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Mother of God

Why did the Christian Church choose to call Mary the "Mother of God?"
 
 
     The short answer is that the Church experienced many challenges to the idea that Jesus, the son of Mary, was to be regarded as the "Son of God". 
 
     It seems that no one at the time had any qualms about considering Jesus the Son of Mary. So at the very least we can infer that the Jesus of Mary is a historical figure. However, this Jesus of Mary was claimed to be the Son of God who was conceived by the Holy Spirit while Mary was a virgin. 
 
     This claim that the conception of Jesus was by divine action was the basis of the doctrine that Jesus was the Son of God and the Son of Man.
 
     Some writers of the time sought to claim that Jesus was two persons in one body, namely the divine Jesus resided next to the human Jesus within the unity of Jesus' physical body. 
 
     Some others thought that Jesus was never "really" conceived by the Holy Spirit of the Virgin Mary but that this was merely a religious "myth" used to emphasize the unique supernatural life, character and actions of the historical Jesus.
 
     Yet others stated that Jesus was never "uniquely born" of the Holy Spirit but was later adopted into the divinely appointed role played out in His crucifixion and death. 
 
      Still, others claimed that the man Jesus was merely the husk of a divine being who resided within that husk as a "Ghost or phantom or some kind of wholly spiritual being."
 
     Faced with all of these theories, the Christian Church from the beginning regarded Jesus as announced to the Virgin Mary by the Archangel Gabriel to be born by the "power of the Holy Spirit" upon her while she remained a virgin.  Therefore, his conception was virginal, that is, without action of a male.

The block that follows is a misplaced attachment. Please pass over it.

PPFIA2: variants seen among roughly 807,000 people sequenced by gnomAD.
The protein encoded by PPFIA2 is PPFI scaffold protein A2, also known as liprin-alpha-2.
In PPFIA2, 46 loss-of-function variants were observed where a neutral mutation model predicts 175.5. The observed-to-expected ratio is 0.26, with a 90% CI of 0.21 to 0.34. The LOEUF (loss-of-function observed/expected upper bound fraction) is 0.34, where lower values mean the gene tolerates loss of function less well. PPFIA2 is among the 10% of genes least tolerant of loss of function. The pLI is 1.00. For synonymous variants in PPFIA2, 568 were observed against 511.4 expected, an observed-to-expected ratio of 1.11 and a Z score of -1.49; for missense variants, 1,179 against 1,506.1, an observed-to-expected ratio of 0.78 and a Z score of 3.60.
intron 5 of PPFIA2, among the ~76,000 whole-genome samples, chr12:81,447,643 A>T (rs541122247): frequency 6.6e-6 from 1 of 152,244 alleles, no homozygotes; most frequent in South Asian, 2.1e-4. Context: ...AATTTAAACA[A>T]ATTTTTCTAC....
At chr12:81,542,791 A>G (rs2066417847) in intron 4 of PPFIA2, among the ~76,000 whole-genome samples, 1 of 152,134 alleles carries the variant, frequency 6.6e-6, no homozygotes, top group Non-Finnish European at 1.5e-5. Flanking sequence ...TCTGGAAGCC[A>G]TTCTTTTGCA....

Mary herself would have been the only living witness to this event for the Church.  Joseph, Zachariah, Elizabeth and their son John being all dead.
 
     Mary, whose earthly life was much longer than her crucified and resurrected Son Jesus, testified to the factual nature of this event and even filled in the details through the Gospel of Luke who gives his testimony of his interview with Mary as eyewitness of these things. 
 
     Mary would then be either the bearer of Jesus, with an emphasis on his humanity, or she would be the bearer of the divinely conceived God-Man Jesus.
 
     Since Mary's story was regarded as wholly credible, she was considered the "Mother of God" in the special sense that at no time before or after his conception was Jesus not divine, therefore and in answer to those who would detract from this fact of faith, the Church regarded and later declared formally that Mother was indeed the mother of Jesus but more significantly since Jesus was himself God from conception, Mary was rightly considered the Theo Tokas, which is to say the Mother of God, even though she herself was not and is still not considered to be divine.   
 
 
 
 

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More on Mary

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